Set & Map

Maps and sets.

C++

Rust

Java


map<char, int> m {{'a', 5}, {'b', 3}, {'c', 1}};
set<int> s = {9, 8, 7, 6};

// inserts a new value for d
m['d'] = 7;

// prints the value for d
cout << m['d'] << endl;

// checks to see if 2 is in the set
cout << (s.find(2) == s.end()) << endl;


let mut m = HashMap::new();
let mut s = HashSet::new();

  // all initialization is done the same way
  m.insert('a', 5);
  m.insert('b', 3);
  m.insert('c', 1);
  m.insert('d', 7);

  s.insert(9);
  s.insert(8);
  s.insert(7);
  s.insert(6);

  // prints the value for d
  println!("{}", m.get(&'d').unwrap());

  // checks to see if 2 is in the set
  println!("{}", s.contains(&2));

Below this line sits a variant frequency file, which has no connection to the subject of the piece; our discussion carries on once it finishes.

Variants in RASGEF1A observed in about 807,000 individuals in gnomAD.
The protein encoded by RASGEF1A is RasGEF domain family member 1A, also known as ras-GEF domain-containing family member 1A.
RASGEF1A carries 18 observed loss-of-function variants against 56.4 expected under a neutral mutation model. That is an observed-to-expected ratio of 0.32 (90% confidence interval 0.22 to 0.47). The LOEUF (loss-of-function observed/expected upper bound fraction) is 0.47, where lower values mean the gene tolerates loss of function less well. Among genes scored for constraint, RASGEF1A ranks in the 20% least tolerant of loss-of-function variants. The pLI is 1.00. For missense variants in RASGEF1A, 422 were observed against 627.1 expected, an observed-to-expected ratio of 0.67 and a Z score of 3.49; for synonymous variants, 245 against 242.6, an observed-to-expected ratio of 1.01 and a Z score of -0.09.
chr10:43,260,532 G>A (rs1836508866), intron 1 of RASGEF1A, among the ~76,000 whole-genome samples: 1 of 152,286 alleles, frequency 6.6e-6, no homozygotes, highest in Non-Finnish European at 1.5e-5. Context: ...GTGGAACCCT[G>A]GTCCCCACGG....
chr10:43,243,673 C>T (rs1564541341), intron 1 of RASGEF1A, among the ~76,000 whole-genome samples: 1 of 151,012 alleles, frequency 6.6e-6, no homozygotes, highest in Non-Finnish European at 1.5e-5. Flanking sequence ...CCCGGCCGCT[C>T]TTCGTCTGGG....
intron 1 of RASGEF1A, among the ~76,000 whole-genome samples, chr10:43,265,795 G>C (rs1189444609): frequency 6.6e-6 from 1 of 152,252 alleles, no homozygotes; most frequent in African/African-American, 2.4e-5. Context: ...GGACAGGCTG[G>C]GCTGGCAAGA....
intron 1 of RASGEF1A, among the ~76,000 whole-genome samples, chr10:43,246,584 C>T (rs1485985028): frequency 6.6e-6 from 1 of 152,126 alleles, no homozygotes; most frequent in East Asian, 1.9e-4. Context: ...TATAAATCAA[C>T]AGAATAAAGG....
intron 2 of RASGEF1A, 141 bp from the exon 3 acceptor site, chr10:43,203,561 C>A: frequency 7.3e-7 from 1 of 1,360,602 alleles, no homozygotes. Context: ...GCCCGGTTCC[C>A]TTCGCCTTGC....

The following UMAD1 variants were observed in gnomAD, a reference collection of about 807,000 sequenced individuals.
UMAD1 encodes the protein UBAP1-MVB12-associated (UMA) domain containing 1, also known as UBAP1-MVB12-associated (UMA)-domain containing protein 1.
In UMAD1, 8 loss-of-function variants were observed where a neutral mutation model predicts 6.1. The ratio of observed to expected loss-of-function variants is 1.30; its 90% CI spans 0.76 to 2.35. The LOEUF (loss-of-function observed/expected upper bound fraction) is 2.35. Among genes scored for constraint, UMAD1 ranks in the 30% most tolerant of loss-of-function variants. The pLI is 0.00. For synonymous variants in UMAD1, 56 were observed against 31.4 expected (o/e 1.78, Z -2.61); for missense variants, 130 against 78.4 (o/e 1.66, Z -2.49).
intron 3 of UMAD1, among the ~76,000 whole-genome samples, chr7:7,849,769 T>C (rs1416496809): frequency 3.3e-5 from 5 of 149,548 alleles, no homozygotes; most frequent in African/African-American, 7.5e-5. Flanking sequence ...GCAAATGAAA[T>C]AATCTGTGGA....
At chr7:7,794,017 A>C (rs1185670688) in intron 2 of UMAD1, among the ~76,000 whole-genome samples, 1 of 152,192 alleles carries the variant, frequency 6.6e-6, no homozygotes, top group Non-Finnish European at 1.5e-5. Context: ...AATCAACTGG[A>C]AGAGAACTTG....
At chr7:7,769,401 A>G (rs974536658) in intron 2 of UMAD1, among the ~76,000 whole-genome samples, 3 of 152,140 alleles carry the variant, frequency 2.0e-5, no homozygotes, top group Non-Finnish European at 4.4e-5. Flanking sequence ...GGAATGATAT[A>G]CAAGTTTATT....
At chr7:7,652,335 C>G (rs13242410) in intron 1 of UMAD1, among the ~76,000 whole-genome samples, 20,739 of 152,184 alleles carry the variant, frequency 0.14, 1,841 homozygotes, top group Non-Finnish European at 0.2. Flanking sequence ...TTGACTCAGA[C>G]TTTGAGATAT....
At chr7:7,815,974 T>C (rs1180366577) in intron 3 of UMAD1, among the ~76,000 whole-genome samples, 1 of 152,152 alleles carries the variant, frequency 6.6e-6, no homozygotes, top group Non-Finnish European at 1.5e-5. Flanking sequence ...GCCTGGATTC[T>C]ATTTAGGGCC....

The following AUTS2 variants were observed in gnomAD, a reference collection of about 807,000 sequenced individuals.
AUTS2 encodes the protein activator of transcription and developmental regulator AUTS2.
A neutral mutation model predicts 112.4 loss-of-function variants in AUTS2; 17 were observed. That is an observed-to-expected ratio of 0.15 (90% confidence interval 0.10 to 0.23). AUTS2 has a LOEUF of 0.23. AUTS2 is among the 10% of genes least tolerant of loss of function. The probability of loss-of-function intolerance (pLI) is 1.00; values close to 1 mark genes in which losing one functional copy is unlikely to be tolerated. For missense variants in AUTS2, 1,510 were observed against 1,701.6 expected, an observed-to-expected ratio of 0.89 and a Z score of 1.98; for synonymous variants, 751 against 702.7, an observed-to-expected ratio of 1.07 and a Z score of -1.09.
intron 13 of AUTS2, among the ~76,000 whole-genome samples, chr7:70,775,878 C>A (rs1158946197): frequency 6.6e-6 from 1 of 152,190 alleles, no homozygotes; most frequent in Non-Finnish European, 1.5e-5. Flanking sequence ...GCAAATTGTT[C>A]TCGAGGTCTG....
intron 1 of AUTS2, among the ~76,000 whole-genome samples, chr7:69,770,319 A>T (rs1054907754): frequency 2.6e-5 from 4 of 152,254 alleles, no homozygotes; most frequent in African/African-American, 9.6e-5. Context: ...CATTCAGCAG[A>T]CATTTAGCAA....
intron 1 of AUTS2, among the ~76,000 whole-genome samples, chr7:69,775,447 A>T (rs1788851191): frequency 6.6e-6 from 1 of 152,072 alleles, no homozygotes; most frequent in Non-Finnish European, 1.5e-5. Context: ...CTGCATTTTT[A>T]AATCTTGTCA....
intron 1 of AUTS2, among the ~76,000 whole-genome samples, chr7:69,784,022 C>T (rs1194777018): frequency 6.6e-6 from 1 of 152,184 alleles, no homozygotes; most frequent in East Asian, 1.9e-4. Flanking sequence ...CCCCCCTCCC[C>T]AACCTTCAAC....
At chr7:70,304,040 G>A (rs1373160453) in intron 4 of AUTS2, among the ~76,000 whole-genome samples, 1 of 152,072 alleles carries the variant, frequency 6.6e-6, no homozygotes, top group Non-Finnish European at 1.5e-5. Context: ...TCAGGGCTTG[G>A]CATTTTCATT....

Map<Character, Integer> m = new HashMap<>();
Set<Integer> s =
    new HashSet<>(Arrays.asList(9, 8, 7, 6));

// all initialization is done the same way
m.put('a', 5);
m.put('b', 3);
m.put('c', 1);
m.put('d', 7);

// prints the value for d
System.out.println(m.get('d'));

// checks to see if 2 is in the set
System.out.println(s.contains(2));



C++11 added brace-initialization to the language and greatly simplified the initialization of conainters. Rust does not supporty any type of initialization for HashMap or HashSet. Java does not provide any type of initialization for Map, but Arrays.asList() can be used for Set.